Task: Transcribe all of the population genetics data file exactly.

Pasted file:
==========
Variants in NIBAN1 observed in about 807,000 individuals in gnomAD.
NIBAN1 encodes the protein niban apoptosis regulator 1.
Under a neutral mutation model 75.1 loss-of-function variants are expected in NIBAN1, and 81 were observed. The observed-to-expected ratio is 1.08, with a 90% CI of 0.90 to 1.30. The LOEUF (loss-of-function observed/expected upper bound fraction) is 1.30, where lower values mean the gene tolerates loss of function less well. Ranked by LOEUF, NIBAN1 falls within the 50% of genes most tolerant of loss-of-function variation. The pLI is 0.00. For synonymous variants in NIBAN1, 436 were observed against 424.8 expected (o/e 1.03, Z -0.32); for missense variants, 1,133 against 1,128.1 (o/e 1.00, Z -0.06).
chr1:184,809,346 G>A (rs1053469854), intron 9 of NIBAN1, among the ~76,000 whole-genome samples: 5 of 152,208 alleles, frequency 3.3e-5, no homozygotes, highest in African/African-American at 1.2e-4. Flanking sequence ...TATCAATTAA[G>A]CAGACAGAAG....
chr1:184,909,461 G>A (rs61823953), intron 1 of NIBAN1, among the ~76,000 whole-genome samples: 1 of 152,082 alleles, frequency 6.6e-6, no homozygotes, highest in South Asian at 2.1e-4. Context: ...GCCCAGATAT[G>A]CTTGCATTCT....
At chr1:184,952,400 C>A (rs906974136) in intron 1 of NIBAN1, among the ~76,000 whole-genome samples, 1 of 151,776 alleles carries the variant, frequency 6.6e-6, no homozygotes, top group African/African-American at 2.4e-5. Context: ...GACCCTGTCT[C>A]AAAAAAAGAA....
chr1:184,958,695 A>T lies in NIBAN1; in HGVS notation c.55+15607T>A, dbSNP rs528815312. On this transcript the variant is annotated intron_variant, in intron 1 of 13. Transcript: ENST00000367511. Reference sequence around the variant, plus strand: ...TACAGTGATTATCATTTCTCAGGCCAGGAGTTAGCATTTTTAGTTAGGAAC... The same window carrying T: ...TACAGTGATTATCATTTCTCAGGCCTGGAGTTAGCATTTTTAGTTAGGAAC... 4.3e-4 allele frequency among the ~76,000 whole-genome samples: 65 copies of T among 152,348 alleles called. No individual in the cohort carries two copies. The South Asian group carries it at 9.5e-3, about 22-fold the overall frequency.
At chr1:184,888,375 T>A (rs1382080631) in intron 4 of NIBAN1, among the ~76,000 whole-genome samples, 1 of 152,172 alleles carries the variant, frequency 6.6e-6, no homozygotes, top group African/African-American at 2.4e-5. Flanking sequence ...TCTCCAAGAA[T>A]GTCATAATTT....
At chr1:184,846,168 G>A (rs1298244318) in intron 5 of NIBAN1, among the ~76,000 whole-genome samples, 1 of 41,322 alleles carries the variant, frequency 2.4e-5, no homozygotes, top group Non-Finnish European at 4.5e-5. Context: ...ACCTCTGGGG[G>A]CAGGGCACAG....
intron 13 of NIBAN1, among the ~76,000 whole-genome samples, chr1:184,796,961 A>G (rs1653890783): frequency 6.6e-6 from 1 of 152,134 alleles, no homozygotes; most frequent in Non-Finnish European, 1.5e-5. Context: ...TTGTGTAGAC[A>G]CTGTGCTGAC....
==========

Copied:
Variants in NIBAN1 observed in about 807,000 individuals in gnomAD.
NIBAN1 encodes the protein niban apoptosis regulator 1.
Under a neutral mutation model 75.1 loss-of-function variants are expected in NIBAN1, and 81 were observed. The observed-to-expected ratio is 1.08, with a 90% CI of 0.90 to 1.30. The LOEUF (loss-of-function observed/expected upper bound fraction) is 1.30, where lower values mean the gene tolerates loss of function less well. Ranked by LOEUF, NIBAN1 falls within the 50% of genes most tolerant of loss-of-function variation. The pLI is 0.00. For synonymous variants in NIBAN1, 436 were observed against 424.8 expected (o/e 1.03, Z -0.32); for missense variants, 1,133 against 1,128.1 (o/e 1.00, Z -0.06).
chr1:184,809,346 G>A (rs1053469854), intron 9 of NIBAN1, among the ~76,000 whole-genome samples: 5 of 152,208 alleles, frequency 3.3e-5, no homozygotes, highest in African/African-American at 1.2e-4. Flanking sequence ...TATCAATTAA[G>A]CAGACAGAAG....
chr1:184,909,461 G>A (rs61823953), intron 1 of NIBAN1, among the ~76,000 whole-genome samples: 1 of 152,082 alleles, frequency 6.6e-6, no homozygotes, highest in South Asian at 2.1e-4. Context: ...GCCCAGATAT[G>A]CTTGCATTCT....
At chr1:184,952,400 C>A (rs906974136) in intron 1 of NIBAN1, among the ~76,000 whole-genome samples, 1 of 151,776 alleles carries the variant, frequency 6.6e-6, no homozygotes, top group African/African-American at 2.4e-5. Context: ...GACCCTGTCT[C>A]AAAAAAAGAA....
chr1:184,958,695 A>T lies in NIBAN1; in HGVS notation c.55+15607T>A, dbSNP rs528815312. On this transcript the variant is annotated intron_variant, in intron 1 of 13. Transcript: ENST00000367511. Reference sequence around the variant, plus strand: ...TACAGTGATTATCATTTCTCAGGCCAGGAGTTAGCATTTTTAGTTAGGAAC... The same window carrying T: ...TACAGTGATTATCATTTCTCAGGCCTGGAGTTAGCATTTTTAGTTAGGAAC... 4.3e-4 allele frequency among the ~76,000 whole-genome samples: 65 copies of T among 152,348 alleles called. No individual in the cohort carries two copies. The South Asian group carries it at 9.5e-3, about 22-fold the overall frequency.
At chr1:184,888,375 T>A (rs1382080631) in intron 4 of NIBAN1, among the ~76,000 whole-genome samples, 1 of 152,172 alleles carries the variant, frequency 6.6e-6, no homozygotes, top group African/African-American at 2.4e-5. Flanking sequence ...TCTCCAAGAA[T>A]GTCATAATTT....
At chr1:184,846,168 G>A (rs1298244318) in intron 5 of NIBAN1, among the ~76,000 whole-genome samples, 1 of 41,322 alleles carries the variant, frequency 2.4e-5, no homozygotes, top group Non-Finnish European at 4.5e-5. Context: ...ACCTCTGGGG[G>A]CAGGGCACAG....
intron 13 of NIBAN1, among the ~76,000 whole-genome samples, chr1:184,796,961 A>G (rs1653890783): frequency 6.6e-6 from 1 of 152,134 alleles, no homozygotes; most frequent in Non-Finnish European, 1.5e-5. Context: ...TTGTGTAGAC[A>G]CTGTGCTGAC....